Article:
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[399] only for that campaign.1 Now, however, the situation had changed somewhat. There had been a shifting of scenes, so to speak. The Republican party had gained some in strength and more in moral effectiveness and force. Nothing could keep back in Lincoln any longer, sentiments of right and truth, and he prepared to give the fullest expression to both in all future contests.

Before delivering his speech he invited a dozen or so of his friends over to the library of the State House, where he read and submitted it to them. After the reading he asked each man for his opinion. Some condemned and not one endorsed it. One man, more forcible than elegant, characterized it as a “d-d fool utterance;” another said the doctrine was “ahead of its time;” and still another contended that it would drive away a good many voters fresh from the Democrats ranks. Each man attacked it in his criticism. I was the last to respond. Although the doctrine announced was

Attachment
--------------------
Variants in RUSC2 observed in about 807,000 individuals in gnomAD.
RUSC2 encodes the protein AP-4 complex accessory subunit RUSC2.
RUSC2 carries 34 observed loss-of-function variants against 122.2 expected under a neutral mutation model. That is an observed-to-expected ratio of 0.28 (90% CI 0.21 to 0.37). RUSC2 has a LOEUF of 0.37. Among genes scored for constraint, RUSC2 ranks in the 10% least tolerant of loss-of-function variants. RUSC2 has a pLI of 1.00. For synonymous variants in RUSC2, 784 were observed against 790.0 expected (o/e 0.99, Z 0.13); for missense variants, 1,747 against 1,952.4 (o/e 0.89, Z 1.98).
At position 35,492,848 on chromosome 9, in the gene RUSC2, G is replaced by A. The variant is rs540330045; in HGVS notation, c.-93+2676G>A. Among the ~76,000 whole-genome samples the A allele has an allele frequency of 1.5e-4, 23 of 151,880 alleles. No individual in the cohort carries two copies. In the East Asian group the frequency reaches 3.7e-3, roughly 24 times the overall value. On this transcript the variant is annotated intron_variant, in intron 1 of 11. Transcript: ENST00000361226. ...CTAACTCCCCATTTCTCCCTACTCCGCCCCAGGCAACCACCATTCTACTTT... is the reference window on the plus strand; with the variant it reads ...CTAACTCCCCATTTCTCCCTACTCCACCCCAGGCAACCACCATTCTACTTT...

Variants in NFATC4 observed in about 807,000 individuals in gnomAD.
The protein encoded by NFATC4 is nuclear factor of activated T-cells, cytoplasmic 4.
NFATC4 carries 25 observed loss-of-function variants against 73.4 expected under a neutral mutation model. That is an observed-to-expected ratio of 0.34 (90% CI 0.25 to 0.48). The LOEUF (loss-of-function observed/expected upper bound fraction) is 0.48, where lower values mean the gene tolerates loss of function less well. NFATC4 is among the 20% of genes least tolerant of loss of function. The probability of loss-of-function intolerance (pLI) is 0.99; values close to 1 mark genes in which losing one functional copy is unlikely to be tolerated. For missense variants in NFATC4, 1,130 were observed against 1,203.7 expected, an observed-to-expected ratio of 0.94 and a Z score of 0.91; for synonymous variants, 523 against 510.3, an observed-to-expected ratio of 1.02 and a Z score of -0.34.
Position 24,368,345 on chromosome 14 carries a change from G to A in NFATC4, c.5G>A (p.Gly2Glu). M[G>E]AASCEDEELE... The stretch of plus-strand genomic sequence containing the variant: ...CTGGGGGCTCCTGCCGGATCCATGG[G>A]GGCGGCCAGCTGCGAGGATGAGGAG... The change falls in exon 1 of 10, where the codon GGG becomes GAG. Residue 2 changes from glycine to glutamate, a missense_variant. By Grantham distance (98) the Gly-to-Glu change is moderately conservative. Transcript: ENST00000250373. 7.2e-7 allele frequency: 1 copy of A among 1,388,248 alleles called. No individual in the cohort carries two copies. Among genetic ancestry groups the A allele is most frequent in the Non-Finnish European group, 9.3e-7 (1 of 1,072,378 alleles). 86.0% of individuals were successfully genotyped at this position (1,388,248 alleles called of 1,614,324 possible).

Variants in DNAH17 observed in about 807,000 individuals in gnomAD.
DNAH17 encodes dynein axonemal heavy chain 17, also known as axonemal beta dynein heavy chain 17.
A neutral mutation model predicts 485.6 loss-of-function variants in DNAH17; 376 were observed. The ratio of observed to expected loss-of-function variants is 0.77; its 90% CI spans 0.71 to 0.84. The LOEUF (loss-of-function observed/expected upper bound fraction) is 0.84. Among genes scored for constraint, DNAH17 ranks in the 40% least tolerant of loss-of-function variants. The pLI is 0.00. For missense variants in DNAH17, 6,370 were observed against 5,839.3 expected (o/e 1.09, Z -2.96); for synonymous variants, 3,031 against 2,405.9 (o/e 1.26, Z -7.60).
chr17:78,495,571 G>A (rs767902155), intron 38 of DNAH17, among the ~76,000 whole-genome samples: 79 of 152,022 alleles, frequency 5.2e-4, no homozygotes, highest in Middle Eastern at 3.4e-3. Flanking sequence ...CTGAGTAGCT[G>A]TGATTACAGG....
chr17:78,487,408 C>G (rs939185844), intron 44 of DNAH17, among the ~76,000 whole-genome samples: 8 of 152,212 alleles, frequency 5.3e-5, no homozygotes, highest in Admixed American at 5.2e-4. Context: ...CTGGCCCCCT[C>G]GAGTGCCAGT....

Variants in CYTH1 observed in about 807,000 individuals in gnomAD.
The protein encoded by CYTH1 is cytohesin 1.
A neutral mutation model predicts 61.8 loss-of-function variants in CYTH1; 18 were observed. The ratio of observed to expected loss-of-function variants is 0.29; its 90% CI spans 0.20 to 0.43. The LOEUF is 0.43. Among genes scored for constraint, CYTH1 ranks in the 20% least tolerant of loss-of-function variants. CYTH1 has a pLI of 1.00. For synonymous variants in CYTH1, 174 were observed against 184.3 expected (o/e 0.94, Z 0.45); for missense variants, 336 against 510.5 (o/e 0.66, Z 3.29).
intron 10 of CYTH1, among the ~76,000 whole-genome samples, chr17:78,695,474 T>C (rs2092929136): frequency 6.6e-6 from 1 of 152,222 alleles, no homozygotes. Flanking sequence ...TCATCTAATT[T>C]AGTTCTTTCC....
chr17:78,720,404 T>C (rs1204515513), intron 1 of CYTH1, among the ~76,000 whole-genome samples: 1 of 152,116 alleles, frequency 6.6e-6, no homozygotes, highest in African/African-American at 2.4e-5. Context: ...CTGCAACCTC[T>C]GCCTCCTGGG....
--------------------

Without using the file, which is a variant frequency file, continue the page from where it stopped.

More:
1 “After the meeting was over Mr. Lincoln and I returned to the Pike House, where we occupied the same room. Immediately on reaching the room I said to him, ‘What in God's name could induce you to promulgate such an opinion?’ He replied familiarly, ‘Upon my soul, Dickey, I think it is true.’ I reasoned to show it was not a correct opinion. He argued strenuously that the opinion was a sound one. At length I said, ‘Suppose you are right, that our Government cannot last part free and part slave, what good is to be accomplished by inculcating that opinion (or truth, if you please) in the minds of the people?’ After some minutes reflection he rose and approached me, extending his right hand to take mine, and said, ‘From respect for you Judgment, Dickey, I'll promise you I won't teach the doctrine again during this campaign.’ ” --Letter, T. Lyle Dickey, Ms., December 8, 1866.

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